Billy Porter speaks out about HIV diagnosis after more than a decade of living with the virus

'I survived so that I could tell the story. That’s what I’m here for.'
May 19, 2021 1:12 p.m. EST
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Billy Porter has a story to tell and it's the most personal thing he's ever shared publicly. He explained the news is something he's been keeping hidden from nearly everyone in his life for the last 14 years.

In his new Hollywood Reporter profile, the multihyphenate opened up for the first time about his HIV-positive diagnosis and the "shame" that kept him from telling his story for so long.

“I have to start in 2007,” Porter told THR. “In June of that year I was diagnosed HIV-positive,” he said, revealing that he’d used his Pose character Pray Tell as a kind of vehicle through which he’s been able to address the AIDS epidemic. The time, however, has come for him to talk about his own experience.

In an essay he penned for the magazine, Porter wrote that the reason he’s survived is so that he “can tell the story. There’s a whole generation that was here, and I stand on their shoulders. I can be who I am in this space, at this time, because of the legacy that they left for me,” he explained.

Porter revealed that it was shame that kept him silent about the subject for so many years, even though he understands the danger in that stigma. 

“I was the generation that was supposed to know better, and it happened anyway. It was 2007, the worst year of my life,” he wrote. “By February, I had been diagnosed with Type 2 diabetes. By March, I signed bankruptcy papers. And by June, I was diagnosed HIV-positive."

"The shame of that time compounded with the shame that had already [accumulated] in my life silenced me, and I have lived with that shame in silence for 14 years.”

"HIV-positive, where I come from,” Porter explained, “growing up in the Pentecostal church with a very religious family, is God’s punishment.”

Others' stigmatization, too, added to Porter’s fear of speaking out. “I was trying to have a life and a career, and I wasn’t certain I could if the wrong people knew. It would just be another way for people to discriminate against me in an already discriminatory profession,” he writes. He couldn’t even tell his own mother.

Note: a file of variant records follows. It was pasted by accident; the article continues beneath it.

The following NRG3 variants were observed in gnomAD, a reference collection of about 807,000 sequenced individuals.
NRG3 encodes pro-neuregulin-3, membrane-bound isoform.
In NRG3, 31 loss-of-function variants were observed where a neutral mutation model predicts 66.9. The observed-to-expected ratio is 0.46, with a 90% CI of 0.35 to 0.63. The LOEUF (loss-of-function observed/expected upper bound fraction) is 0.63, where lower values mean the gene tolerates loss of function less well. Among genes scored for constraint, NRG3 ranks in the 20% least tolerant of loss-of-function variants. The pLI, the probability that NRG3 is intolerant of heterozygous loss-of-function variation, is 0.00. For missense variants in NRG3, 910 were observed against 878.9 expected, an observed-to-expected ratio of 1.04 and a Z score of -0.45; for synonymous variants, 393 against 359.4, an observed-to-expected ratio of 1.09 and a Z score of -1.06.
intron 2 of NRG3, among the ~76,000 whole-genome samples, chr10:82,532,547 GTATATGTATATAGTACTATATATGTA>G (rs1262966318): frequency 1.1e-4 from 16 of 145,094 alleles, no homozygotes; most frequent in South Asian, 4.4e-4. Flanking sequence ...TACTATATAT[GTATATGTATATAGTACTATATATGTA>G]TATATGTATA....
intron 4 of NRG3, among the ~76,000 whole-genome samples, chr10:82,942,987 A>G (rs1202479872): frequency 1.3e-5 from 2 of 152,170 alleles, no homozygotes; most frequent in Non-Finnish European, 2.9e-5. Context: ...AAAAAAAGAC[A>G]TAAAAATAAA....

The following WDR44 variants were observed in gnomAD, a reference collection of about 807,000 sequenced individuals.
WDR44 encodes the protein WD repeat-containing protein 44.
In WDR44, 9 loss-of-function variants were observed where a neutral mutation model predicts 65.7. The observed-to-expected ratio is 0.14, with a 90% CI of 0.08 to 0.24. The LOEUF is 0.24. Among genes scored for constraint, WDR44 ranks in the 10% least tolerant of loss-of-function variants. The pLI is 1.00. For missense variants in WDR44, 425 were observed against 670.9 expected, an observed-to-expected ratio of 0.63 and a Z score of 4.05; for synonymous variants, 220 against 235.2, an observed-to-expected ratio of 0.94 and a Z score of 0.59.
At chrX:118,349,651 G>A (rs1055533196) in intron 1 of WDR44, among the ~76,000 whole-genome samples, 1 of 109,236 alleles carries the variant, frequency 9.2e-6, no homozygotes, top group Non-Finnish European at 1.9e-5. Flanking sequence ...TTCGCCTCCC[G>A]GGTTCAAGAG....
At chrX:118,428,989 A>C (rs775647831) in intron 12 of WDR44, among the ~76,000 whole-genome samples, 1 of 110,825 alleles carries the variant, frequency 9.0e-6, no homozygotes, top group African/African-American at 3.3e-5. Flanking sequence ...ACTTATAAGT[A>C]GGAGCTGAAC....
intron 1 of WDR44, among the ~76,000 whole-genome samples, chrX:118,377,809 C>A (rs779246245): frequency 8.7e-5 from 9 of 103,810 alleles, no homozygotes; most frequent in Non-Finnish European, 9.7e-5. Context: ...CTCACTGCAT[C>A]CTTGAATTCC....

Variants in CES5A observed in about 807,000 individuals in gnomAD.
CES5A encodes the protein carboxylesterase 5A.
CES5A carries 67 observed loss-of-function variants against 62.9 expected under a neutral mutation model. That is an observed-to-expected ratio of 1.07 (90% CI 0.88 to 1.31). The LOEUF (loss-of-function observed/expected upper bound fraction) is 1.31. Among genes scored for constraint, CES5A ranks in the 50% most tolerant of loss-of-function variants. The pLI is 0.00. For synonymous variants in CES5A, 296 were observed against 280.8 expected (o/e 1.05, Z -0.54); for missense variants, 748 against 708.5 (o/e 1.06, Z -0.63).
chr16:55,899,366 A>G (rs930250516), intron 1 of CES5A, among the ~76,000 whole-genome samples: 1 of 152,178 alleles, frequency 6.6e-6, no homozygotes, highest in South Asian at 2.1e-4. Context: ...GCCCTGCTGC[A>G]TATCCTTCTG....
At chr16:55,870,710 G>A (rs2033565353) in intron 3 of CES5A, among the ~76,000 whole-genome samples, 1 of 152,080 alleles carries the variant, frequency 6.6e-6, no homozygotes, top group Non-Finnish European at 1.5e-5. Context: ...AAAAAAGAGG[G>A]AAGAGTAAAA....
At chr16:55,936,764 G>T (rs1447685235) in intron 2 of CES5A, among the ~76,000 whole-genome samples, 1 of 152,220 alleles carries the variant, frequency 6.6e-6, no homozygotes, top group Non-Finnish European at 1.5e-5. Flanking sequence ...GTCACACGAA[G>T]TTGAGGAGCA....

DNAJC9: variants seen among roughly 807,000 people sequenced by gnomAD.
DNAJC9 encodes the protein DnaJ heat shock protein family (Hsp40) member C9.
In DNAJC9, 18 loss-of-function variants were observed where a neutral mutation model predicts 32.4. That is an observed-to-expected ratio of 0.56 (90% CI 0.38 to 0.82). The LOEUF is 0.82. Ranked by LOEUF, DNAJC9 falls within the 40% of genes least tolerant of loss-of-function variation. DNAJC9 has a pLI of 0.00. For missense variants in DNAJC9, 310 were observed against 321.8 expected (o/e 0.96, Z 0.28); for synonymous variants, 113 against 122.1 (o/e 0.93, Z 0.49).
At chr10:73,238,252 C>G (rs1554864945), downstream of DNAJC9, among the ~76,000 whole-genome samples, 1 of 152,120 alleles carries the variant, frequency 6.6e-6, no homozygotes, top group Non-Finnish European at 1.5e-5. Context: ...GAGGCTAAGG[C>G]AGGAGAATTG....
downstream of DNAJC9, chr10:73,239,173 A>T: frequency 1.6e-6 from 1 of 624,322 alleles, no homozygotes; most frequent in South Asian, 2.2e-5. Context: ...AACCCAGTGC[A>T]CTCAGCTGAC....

Somewhat ironically, it was COVID and the resulting lockdown that allowed Porter to contemplate the meaning of his diagnosis.

This pandemic, he says, “created a safe space for me to stop and reflect and deal with the trauma in my life. Now, I’ve been in therapy for a long time. I started when I was 25, and I’ve been going on and off for years. But in the last year, I started real trauma therapy to begin the process of healing.”

That kind of therapy finally allowed Porter to be honest with those he loves the most, including his mom. When he told her, she replied “You’ve been carrying this around for 14 years? Don’t ever do this again. I’m your mother, I love you no matter what. And I know I didn’t understand how to do that early on, but it’s been decades now.”

With this personal healing has also manifested what seems like dozens of projects once the star wraps the third and final season of Pose. New music, an autobiography, a Ryan Murphy-helmed documentary detailing his personal and professional life, and an upcoming live-action Cinderella in which Porter plays Cindy’s fairy godmother, naturally. 

Porter, who says that he’s currently the healthiest he’s been in his entire life, has learned to recognize what’s good for him: letting go of shame, leaning into joy, and sticking with his regularly scheduled doctors appointments. He’s also figured out the reason why he continues to survive. 

“I survived so that I could tell the story. That’s what I’m here for,” he writes. “It’s time to grow up and move on because shame is destructive — and if not dealt with, it can destroy everything in its path.”


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